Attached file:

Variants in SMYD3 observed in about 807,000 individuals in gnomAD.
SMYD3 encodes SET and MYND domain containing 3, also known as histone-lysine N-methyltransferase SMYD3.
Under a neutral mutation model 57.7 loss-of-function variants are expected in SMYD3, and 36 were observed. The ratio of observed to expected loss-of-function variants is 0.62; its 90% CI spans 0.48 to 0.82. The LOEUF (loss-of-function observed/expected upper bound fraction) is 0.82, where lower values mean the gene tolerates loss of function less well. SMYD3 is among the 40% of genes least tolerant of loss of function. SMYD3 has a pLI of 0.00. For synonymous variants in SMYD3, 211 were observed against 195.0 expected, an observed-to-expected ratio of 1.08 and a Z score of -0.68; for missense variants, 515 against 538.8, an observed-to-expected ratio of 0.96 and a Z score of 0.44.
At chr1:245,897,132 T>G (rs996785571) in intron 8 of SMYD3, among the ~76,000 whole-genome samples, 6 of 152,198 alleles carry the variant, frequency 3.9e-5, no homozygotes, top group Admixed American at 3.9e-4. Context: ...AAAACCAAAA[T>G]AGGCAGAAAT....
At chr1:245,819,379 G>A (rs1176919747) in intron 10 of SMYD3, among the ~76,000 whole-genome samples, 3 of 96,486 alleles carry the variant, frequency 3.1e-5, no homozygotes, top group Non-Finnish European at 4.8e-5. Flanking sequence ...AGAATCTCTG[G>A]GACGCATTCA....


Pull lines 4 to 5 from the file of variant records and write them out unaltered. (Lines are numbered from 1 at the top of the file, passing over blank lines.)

At chr1:245,897,132 T>G (rs996785571) in intron 8 of SMYD3, among the ~76,000 whole-genome samples, 6 of 152,198 alleles carry the variant, frequency 3.9e-5, no homozygotes, top group Admixed American at 3.9e-4. Context: ...AAAACCAAAA[T>G]AGGCAGAAAT....
At chr1:245,819,379 G>A (rs1176919747) in intron 10 of SMYD3, among the ~76,000 whole-genome samples, 3 of 96,486 alleles carry the variant, frequency 3.1e-5, no homozygotes, top group Non-Finnish European at 4.8e-5. Flanking sequence ...AGAATCTCTG[G>A]GACGCATTCA....